Traders use various types of moving averages, including simple, weighted, linear-weighted, volume-weighted, and exponential. The uses are almost the same; however, they differ in terms of how they are calculated. This determines the frequency and accuracy of trading signals. In this FXOpen article, the DEMA indicator is explained – we will discuss its use cases and compare it to other types of the moving average.
What Is a Double Exponential Moving Average (DEMA)?
What is a DEMA indicator? Developed by Patrick Mulloy in 1994, DEMA is a popular tool used to smooth out price fluctuations and identify trends in financial markets.
DEMA is a type of moving average that applies a unique calculation methodology to reduce lag and be a more responsive indicator for traders. Unlike the Simple Moving Average (SMA) or Exponential Moving Average (EMA), DEMA aims to eliminate the shortcomings associated with delayed signals by incorporating two levels of exponential smoothing.
The meaning of DEMA in a stock market doesn’t differ from that in forex, commodity, or ETF markets. You can use this indicator to trade numerous assets on different timeframes.
How to Build the Double Exponential Moving Average
To calculate the DEMA, we need to understand the basic concepts of exponential moving averages (EMA). The EMA places more weight on recent prices, making it more responsive to price changes than the SMA.
The formula for calculating a single EMA is as follows:
The double exponential moving average formula is:
We need to:
- Calculate the single EMA (1) of the closing prices using the desired period (e.g., 9)
- Calculate the EMA (2) of the EMA (1) with the same period as the EMA (1) obtained in step 1
- Multiply the EMA (1) by 2
- Subtract the EMA (2) from the result in step 3
Fortunately, you don’t need to calculate the EMA or the DEMA manually. The free TickTrader platform provides numerous technical analysis indicators, including the DEMA, and adds them onto the chart automatically according to the periods you choose in settings.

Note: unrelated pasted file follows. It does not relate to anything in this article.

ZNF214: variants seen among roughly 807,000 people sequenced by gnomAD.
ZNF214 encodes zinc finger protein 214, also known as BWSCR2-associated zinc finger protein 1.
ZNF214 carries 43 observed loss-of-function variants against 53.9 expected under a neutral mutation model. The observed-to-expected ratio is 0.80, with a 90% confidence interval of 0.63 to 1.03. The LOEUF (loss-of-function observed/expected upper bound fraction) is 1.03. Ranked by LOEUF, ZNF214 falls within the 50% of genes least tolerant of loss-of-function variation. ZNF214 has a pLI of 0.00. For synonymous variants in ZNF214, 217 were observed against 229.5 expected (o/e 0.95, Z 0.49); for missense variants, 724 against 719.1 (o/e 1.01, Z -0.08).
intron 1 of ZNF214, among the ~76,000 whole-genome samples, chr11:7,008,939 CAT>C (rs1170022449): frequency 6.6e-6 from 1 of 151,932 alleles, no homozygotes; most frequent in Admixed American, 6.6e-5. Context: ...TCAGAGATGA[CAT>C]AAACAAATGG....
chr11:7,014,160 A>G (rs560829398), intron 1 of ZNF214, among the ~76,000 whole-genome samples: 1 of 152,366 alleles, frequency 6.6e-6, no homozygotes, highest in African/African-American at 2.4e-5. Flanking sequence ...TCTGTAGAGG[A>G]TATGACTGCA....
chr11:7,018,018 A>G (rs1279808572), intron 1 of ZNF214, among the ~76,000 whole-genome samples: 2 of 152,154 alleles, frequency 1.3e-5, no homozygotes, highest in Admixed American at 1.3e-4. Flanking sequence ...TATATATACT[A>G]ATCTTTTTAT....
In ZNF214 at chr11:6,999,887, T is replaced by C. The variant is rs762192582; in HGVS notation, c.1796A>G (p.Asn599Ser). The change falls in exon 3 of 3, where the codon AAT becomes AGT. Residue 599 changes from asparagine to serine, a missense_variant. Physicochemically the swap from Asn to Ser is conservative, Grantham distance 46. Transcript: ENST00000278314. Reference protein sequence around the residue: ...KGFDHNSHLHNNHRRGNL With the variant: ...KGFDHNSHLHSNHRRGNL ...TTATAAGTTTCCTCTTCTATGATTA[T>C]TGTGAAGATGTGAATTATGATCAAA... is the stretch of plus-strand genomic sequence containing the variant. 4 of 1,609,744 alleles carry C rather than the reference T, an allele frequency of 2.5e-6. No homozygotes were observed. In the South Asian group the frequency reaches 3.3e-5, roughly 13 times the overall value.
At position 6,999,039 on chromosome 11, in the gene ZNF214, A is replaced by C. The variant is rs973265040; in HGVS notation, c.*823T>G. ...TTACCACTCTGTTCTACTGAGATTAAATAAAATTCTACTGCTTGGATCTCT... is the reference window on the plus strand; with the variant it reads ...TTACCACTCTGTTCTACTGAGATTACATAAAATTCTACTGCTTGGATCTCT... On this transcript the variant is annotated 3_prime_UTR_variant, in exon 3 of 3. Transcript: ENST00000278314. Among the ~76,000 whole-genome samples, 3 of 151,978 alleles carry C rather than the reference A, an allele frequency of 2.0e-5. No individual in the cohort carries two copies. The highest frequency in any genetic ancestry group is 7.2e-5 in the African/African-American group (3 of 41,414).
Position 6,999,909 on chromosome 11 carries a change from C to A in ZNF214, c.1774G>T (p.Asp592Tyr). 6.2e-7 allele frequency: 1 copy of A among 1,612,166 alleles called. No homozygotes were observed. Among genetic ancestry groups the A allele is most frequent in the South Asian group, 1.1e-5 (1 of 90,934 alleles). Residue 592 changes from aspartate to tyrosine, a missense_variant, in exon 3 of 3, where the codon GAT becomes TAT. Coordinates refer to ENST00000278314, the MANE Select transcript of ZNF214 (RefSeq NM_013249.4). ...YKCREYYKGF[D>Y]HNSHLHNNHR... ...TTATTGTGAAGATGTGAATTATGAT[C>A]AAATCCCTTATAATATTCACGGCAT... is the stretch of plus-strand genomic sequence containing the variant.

How to Use the Double Exponential Moving Average In Trading
If you have ever used moving averages in trading, you will find learning how to use the DEMA easy. Here are a few common applications:
The DEMA allows traders to determine the direction of the overall trend. When the DEMA line is sloping upward and the price is above it, it suggests an uptrend, whereas a downward-sloping DEMA with a price below it indicates a downtrend. Traders can use this information to enter or exit positions accordingly.
In the chart above, we can see a confirmation of this rule. However, it’s worth noting that the effectiveness of the double exponential moving average will depend on the period you choose. The shorter the period, the more often the price crosses the indicator. This may lead to early exits or incorrect entries.
DEMA crossovers can provide trading signals. When the line with a shorter period breaks above the line with a longer one, the price will likely move in an uptrend (1). Conversely, when the line with a shorter period breaks below a line with a longer one, the price will likely decline (2).
However, it’s important to remember that the frequency of crosses depends on periods. In the previous example, we used the DEMA with a period of 100 on the H4 chart. In this example, we shortened periods to lower the time lag between a trend change and DEMAs signals.
Support and Resistance Levels
DEMA can act as dynamic support or as resistance levels. When prices approach the DEMA line from above, it may act as a support level, indicating a potential buying opportunity. Conversely, when prices approach the DEMA line from below, it may act as a resistance level, suggesting a potential selling opportunity.